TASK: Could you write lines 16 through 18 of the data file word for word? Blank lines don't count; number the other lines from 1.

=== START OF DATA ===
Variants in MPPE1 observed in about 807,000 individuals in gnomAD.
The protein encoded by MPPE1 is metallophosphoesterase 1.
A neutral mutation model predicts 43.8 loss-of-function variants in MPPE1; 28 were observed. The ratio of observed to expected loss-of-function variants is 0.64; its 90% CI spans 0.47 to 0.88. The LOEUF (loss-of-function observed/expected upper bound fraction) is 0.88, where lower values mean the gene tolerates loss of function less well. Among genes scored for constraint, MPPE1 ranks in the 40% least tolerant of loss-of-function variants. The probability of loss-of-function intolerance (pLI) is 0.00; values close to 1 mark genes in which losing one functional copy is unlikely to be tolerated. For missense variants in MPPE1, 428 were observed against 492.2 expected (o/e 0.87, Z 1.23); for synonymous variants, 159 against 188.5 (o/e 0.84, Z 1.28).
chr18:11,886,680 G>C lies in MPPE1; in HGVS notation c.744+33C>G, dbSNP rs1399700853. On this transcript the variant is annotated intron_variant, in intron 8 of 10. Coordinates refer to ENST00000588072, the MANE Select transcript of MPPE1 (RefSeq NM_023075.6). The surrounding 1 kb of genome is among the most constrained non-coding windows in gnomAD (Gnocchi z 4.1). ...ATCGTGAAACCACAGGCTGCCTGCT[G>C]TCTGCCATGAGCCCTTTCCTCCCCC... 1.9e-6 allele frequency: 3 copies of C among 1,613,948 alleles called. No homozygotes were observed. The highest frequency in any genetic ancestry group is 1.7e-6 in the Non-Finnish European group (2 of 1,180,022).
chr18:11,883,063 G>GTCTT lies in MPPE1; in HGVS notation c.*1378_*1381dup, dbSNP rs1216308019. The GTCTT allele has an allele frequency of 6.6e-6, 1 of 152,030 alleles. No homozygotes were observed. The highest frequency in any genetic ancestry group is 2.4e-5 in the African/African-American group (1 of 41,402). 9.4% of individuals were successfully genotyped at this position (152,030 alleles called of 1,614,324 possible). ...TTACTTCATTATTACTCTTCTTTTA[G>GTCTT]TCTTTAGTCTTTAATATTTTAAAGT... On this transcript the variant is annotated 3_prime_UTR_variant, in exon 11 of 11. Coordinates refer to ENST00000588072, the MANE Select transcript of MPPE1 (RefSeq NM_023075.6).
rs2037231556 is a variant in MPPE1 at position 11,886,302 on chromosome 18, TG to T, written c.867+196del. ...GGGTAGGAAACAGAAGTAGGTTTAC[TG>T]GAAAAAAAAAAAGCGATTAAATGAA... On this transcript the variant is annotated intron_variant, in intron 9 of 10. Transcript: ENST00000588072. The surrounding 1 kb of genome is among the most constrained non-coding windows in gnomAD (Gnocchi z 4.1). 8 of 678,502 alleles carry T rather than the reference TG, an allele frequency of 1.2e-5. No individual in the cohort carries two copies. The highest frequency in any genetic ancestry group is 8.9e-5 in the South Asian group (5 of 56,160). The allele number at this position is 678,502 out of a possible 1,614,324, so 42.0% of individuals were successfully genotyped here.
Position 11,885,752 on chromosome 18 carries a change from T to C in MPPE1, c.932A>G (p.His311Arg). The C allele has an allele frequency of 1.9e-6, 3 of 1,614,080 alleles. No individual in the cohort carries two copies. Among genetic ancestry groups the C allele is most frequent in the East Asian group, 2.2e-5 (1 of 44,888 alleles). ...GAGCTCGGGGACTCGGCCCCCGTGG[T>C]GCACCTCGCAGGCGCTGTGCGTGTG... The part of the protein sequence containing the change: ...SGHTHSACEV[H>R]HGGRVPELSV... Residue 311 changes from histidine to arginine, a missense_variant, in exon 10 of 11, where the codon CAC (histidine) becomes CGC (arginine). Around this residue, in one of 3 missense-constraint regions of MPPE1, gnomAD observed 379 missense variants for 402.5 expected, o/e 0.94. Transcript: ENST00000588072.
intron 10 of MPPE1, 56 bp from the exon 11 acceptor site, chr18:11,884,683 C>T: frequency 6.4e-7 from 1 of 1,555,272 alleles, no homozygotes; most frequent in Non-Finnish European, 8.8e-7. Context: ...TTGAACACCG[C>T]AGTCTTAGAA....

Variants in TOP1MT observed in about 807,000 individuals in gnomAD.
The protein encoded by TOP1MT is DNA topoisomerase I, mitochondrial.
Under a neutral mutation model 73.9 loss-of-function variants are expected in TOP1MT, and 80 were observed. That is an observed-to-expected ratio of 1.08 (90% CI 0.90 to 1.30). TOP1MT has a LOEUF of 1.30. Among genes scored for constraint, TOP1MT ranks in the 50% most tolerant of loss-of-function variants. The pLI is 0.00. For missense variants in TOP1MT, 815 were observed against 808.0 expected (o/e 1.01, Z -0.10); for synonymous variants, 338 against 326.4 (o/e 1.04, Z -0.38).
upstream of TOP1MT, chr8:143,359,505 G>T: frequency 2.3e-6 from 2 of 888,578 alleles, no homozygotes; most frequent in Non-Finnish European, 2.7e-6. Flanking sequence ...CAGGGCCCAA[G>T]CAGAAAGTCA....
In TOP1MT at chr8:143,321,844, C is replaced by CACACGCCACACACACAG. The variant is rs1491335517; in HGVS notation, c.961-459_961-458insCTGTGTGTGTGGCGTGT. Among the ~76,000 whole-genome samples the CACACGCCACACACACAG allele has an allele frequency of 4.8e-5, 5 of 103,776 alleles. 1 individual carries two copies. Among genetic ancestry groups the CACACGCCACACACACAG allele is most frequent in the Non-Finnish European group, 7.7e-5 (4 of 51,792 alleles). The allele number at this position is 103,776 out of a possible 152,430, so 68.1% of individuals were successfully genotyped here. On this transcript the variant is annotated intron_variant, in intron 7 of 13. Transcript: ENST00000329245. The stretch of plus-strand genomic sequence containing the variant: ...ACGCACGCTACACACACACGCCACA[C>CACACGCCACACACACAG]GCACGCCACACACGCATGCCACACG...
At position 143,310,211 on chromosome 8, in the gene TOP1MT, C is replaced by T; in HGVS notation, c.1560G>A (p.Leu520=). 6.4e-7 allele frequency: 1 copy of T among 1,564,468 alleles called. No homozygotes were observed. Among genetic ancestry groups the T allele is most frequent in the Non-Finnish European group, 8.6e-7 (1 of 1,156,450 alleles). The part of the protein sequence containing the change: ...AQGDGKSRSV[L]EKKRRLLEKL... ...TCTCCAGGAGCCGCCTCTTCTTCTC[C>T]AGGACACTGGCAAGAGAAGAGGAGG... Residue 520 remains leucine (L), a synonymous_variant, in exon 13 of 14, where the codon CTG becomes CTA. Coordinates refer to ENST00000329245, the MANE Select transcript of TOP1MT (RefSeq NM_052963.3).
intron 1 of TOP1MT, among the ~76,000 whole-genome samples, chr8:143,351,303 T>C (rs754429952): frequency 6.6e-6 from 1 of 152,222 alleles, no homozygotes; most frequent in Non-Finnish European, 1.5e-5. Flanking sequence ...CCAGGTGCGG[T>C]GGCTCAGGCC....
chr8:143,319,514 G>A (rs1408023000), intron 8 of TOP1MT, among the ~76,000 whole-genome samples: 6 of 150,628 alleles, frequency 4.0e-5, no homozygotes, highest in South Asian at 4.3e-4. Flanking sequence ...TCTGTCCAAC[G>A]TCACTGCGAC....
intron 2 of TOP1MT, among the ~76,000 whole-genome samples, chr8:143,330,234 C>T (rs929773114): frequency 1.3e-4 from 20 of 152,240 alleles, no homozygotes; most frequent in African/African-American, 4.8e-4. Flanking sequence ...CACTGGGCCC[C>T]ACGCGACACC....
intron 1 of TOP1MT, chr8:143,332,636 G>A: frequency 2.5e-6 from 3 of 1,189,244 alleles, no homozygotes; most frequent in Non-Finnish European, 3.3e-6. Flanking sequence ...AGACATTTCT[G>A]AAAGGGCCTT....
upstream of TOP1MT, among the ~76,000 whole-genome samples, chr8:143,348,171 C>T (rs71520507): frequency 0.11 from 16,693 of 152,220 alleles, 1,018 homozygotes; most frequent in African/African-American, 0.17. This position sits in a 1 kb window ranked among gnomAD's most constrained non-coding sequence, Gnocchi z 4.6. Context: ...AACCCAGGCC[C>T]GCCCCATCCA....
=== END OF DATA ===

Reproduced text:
chr8:143,319,514 G>A (rs1408023000), intron 8 of TOP1MT, among the ~76,000 whole-genome samples: 6 of 150,628 alleles, frequency 4.0e-5, no homozygotes, highest in South Asian at 4.3e-4. Flanking sequence ...TCTGTCCAAC[G>A]TCACTGCGAC....
intron 2 of TOP1MT, among the ~76,000 whole-genome samples, chr8:143,330,234 C>T (rs929773114): frequency 1.3e-4 from 20 of 152,240 alleles, no homozygotes; most frequent in African/African-American, 4.8e-4. Flanking sequence ...CACTGGGCCC[C>T]ACGCGACACC....
intron 1 of TOP1MT, chr8:143,332,636 G>A: frequency 2.5e-6 from 3 of 1,189,244 alleles, no homozygotes; most frequent in Non-Finnish European, 3.3e-6. Flanking sequence ...AGACATTTCT[G>A]AAAGGGCCTT....